Picturesque villages and the magnificent Mt. Gauri Shanker make a trek to Kalinchowk worthwhile.
As you alight from the bus in Dolakha, the immensity of Mt. Gauri Shanker rises in front of you like a great wall. A white serrated wall of peaks forms the backdrop to the trek to Kalinchowk. A dirt road runs up to Kalinchowk and to villages beyond it. Sporadic buses and jeeps work this route, crammed with passengers. This form of travel is advisable only if you are either physically unfit to trek, or if your destination is beyond Kalinchowk. The trek is at times rigorous and even monotonous for some stretches, but the scenic delights are not available to those confined in a vehicle.
An hour from the town of Dolakha, the trail passes through picturesque villages. The biggest building in these villages is often a monastery - a colorful structure, standing out amidst neatly raked fields. Prayer flags blow in the wind. A novelist would ask for nothing but a room in these little houses only to spend hours gazing at the mountains each day before penning a complete sentence.
There is only one house between the last village on the trail and Kalinchowk. Otherwise, only pylons that run along the trail remind you that people have been through this place. The trail from here onwards is a bit dreary as the forest shields the mountains from view only to reappear occasionally framed by trees and branches. Wind plays amongst the trees and dry pods of seeds whirr in the wind.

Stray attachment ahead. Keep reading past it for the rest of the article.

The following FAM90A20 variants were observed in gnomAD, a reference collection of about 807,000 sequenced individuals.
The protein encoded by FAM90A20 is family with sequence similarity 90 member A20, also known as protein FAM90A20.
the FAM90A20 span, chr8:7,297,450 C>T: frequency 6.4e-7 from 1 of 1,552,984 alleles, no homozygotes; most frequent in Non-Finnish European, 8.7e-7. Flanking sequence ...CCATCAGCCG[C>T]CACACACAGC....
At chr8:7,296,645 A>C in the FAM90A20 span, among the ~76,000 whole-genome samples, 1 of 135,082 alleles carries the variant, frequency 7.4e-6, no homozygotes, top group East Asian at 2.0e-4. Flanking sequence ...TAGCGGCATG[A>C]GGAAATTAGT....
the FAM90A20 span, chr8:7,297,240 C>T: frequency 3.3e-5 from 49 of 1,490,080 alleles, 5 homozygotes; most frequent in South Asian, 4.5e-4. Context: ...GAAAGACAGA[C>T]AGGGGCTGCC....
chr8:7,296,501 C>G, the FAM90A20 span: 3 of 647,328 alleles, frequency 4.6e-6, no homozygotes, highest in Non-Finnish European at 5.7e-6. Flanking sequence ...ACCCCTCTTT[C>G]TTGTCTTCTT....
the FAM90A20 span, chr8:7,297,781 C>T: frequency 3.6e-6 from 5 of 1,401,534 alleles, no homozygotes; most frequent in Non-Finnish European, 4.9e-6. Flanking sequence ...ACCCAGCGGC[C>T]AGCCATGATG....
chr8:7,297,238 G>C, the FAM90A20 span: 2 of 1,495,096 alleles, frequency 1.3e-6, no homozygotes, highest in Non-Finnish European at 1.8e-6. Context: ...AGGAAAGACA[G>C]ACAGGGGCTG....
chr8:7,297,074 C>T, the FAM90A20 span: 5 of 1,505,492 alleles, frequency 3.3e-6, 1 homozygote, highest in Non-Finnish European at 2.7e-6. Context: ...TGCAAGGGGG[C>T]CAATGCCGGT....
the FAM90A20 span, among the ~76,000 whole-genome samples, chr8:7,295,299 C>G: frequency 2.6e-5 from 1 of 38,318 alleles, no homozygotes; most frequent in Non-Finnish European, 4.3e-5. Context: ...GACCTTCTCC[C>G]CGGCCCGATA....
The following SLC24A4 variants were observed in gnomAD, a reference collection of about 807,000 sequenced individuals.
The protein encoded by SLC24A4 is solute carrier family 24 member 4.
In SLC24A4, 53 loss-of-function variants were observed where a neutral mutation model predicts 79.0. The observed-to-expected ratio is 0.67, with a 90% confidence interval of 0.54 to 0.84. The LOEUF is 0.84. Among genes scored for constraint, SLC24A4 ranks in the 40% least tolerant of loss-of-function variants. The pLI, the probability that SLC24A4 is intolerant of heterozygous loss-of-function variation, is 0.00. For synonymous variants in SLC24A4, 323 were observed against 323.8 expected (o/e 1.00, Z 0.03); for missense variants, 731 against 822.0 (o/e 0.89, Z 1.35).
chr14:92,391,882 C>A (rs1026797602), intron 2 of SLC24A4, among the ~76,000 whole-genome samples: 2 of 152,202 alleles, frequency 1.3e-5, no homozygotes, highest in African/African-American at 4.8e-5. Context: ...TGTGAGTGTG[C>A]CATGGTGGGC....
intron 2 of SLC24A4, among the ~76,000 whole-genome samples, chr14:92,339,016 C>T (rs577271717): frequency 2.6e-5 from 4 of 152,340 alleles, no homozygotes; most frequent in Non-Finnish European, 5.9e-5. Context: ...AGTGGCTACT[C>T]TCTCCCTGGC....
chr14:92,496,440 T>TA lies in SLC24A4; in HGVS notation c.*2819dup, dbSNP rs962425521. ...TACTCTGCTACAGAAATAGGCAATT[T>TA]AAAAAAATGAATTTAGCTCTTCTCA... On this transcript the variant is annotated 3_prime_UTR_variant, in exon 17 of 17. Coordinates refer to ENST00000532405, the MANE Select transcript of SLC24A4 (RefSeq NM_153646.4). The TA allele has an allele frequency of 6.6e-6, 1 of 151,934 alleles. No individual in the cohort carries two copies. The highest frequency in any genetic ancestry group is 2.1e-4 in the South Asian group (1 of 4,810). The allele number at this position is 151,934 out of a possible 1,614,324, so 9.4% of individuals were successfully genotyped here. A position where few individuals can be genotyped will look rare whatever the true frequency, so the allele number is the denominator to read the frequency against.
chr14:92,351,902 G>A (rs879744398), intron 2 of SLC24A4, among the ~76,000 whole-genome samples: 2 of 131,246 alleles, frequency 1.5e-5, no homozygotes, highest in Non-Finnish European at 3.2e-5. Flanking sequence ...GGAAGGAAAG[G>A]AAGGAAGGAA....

Those who start out from Dolakha around mid-day reach Kalinchowk usually in the evening, just in time to see the mountains glow in the sun’s last light. The sinking sun drags away the light from the refulgent mountains, turning them into silhouettes. Lights come on in the village below. Above, the sky glitters with stars.
To the north of the tiny village of Kuri, which is another name for Kalinchowk, looms a dark hill. On its peak is the shrine of the Kalinchowk Bhagwati, a venerated deity and sister of the equally revered deities of Kavre’s Palanchowk Bhagwati and Kathmandu’s Naxal Bhagwati. The climb to the shrine is tiring, but the view from it spectacular. If tradition is adhered to and the shrine is climbed from the western side, then you have to climb an iron staircase that spans a narrow but deep crevice. However, there is a less frightening path from the eastern side. The shrine, devoid of an idol, is a simple collection of bells hanging from wooden bars and a heap of rusty tridents. A small pit symbolizes the deity, into which you place your lamps and mutter your prayers. Some of your prayers seem to be answered as you rise to your feet and to look at the mountains glistening in the sun.